On the edge of Baghdad’s Sadr City, U.S. soldiers wait to be attacked
Will Weissert, The Associated Press
Published: Monday, January 08, 2007
BAGHDAD -- A mock bumper sticker affixed to a door in the headquarters building of a U.S. outpost in eastern Baghdad proclaims: "I Love Sadr City." Soldiers smile when they see it. They know the opposite is true.
During one tense mission recently, U.S. army soldiers rolled up to the edge of the Shiite slum in hulking Stryker armoured vehicles. They never set foot inside, but they still got a sharp reaction.
A burst of gunfire rang out moments after soldiers got out, prompting one squad to take cover in the home of an unemployed man named Abdul-Kareem Hassan Dhamin.
More shooting followed, but then, just as suddenly, it stopped.
Residents, accustomed to darting indoors during bursts of gunfire, peeked out and re-emerged. A line formed at a bread shop, and women with laundry baskets on their shoulders walked down the street. A man herded goats through a vacant lot strewn with trash.
Sadr City could prove the toughest nut to crack as the administration of U.S. President George W. Bush appears ready to send thousands more soldiers to Baghdad to have a fresh run at pacifying the capital, where insurgent and militia violence has raged for months.
Iraqi government officials have said their troops, which are preparing to take on Sunni neighbourhoods, will largely leave Sadr City to American forces and the Iraqi army’s Special Operations Command division.
During the recent U.S. mission, some squads conducted house-to-house searches while a group of soldiers holed up on the second floor of Dhamin’s home, peering across a street and over a wall into Sadr City.
Much of the area is a slum, and there was little to look at but empty lots and crumbling hovels – although apartment buildings rose in the distance, providing ample cover for snipers.
Some soldiers crouched on the roof, using towels and blankets to create small barriers and make themselves harder to see. Another group moved into a second-floor bedroom.
"They know we’re here. We’re just seeing what their reaction will be," said Capt. Matt James, a Seattle native and commander of Company B, 5th Battalion, 20th Infantry Regiment. "We’re not trying to provoke a response, but there will probably be one."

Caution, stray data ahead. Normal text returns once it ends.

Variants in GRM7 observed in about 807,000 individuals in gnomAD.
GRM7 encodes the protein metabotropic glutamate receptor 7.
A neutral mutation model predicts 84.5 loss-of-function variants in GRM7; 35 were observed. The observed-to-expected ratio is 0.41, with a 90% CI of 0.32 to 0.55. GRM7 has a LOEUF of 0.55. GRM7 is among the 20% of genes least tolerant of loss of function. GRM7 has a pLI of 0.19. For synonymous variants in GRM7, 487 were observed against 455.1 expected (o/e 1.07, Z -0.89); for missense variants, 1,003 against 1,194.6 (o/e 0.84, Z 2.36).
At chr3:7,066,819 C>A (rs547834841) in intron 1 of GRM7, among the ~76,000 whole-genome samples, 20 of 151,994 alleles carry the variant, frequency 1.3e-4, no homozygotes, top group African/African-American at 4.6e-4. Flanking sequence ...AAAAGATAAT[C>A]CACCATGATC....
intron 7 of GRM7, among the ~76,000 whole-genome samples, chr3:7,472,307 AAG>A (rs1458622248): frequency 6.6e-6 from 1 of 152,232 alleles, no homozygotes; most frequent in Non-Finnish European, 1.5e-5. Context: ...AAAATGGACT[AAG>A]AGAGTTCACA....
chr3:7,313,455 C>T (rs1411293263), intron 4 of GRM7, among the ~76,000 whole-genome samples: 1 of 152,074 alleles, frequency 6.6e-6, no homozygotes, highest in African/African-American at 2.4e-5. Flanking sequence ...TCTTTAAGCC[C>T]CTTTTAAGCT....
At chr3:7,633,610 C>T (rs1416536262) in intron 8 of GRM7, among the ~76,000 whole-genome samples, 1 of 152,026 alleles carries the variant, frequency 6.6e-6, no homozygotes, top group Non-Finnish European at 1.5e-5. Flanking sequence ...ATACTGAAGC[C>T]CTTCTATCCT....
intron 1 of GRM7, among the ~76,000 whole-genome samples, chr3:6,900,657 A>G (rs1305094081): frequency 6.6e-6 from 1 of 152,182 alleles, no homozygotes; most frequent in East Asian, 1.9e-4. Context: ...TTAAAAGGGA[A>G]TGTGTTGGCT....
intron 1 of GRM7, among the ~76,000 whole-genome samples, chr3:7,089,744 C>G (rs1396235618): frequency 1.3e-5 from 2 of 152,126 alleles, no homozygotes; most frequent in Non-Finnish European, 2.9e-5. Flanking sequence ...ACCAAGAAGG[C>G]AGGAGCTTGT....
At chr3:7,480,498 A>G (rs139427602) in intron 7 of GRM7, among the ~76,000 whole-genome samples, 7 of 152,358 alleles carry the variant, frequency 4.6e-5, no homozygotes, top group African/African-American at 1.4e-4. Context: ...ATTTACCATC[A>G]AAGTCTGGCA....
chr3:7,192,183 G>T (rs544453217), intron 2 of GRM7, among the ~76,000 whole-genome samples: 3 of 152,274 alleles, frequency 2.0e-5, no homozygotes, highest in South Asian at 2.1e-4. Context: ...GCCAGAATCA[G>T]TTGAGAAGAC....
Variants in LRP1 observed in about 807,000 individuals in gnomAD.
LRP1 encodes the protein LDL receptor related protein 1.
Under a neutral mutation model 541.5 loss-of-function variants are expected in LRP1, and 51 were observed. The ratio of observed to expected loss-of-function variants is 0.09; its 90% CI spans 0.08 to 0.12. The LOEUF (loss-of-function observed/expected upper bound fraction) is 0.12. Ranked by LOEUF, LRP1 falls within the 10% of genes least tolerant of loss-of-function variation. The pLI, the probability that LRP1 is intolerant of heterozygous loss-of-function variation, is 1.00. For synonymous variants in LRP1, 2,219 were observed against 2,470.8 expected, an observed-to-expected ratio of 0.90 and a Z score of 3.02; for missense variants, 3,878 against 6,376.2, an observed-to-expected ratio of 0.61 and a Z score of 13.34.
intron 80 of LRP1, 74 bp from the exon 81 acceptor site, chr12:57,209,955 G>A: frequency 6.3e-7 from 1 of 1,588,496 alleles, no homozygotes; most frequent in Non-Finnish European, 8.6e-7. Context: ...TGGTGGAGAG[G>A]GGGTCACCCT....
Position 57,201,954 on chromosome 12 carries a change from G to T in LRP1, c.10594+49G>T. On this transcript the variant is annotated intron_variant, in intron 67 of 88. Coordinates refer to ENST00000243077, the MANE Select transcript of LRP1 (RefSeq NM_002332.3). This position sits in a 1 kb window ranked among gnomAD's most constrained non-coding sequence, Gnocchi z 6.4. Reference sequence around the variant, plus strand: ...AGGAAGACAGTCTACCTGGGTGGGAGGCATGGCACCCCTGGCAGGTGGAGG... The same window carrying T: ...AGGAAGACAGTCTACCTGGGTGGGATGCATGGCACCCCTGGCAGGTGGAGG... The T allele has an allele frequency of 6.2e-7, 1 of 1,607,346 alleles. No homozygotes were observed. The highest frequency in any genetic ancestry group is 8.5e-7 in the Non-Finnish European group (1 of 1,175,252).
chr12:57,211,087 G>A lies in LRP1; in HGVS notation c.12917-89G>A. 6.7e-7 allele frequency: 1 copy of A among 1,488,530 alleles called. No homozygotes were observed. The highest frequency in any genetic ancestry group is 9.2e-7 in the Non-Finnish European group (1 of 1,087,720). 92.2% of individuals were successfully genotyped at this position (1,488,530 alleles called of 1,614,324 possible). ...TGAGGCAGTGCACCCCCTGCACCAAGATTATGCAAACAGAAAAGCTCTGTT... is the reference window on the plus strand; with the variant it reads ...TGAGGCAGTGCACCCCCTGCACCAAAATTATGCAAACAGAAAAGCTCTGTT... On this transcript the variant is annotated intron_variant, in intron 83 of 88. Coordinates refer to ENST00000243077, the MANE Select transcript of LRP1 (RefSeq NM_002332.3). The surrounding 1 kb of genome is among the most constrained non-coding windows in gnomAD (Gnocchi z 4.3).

The largest Baghdad enclave of Iraq’s Shiite majority, Sadr City is the base for the Mahdi Army, a militia led by anti-U.S. cleric Muqtada al-Sadr. Under pressure from Prime Minister Nouri al-Maliki in October, U.S. soldiers took down barbed-wire barricades that controlled traffic in and out of the area. Since then, they have ventured in only sparingly.
But so many mortar and rocket attacks have been launched from the outskirts of Sadr City in recent weeks that U.S. commanders decided to raid homes nearby, searching for weapons.
Many soldiers wondered whether what they were looking for was worth the risk.
"Every day we have a mission, but it’s hard to see how that helps accomplish what we came here to do, how it fits into the big picture," said Sgt. James Simons, 24, of Tacoma, Wash., a soldier in the battalion’s Company A.
How ugly could this get?
The house was a four-story building in the city centre of Stalingrad, built parallel to the embankment of the river Volga and overseeing a large square, the "9th January Square" (named for Bloody Sunday (1905)). The house was attacked by the German invaders in September 1942. A platoon of the 13th Guards Division was ordered to seize and defend it. The platoon was commanded by Yakov Pavlov, a junior commander replacing his wounded superior. They were successful, although only four men survived the combat. Together they went on defending the building on their own. After several days, reinforcements finally arrived, equipping the defenders with machine-guns, anti-tank rifles and mortars. The men, now a garrison of twenty-five, surrounded the building with barbed wire and minefields, and established anti-tank and machine-gun posts at the windows. For better internal communications and supplies they breached the walls in the basement and upper floors, and dug a communications trench to Soviet positions outside. Supplies were brought in via the trench or by boats crossing the river, defying German air raids and shelling.
Nevertheless food and especially water was in short supply. Lacking beds, the soldiers tried to sleep on insulation wool torn off pipes, yet usually the Germans kept shooting at the house with deafening machine-gun fire day and night. The Germans attacked the building several times a day. Each time German infantry or tanks tried to cross the square and to close in on the house, Pavlov's men took them under heavy fire from within the basement, from the windows and from the roof top. Leaving behind a square covered with corpses and steel, the Germans had to retreat again.
Eventually the defenders, as well as the Russian civilians who kept living in the basement all that time, held out during intensive fighting from 23 September until 25 November 1942, when they were relieved by counter-attacking Soviet forces
I bet that isn't in Dave Petraeus's playbook.
posted by Steve @ 1:50:00 AM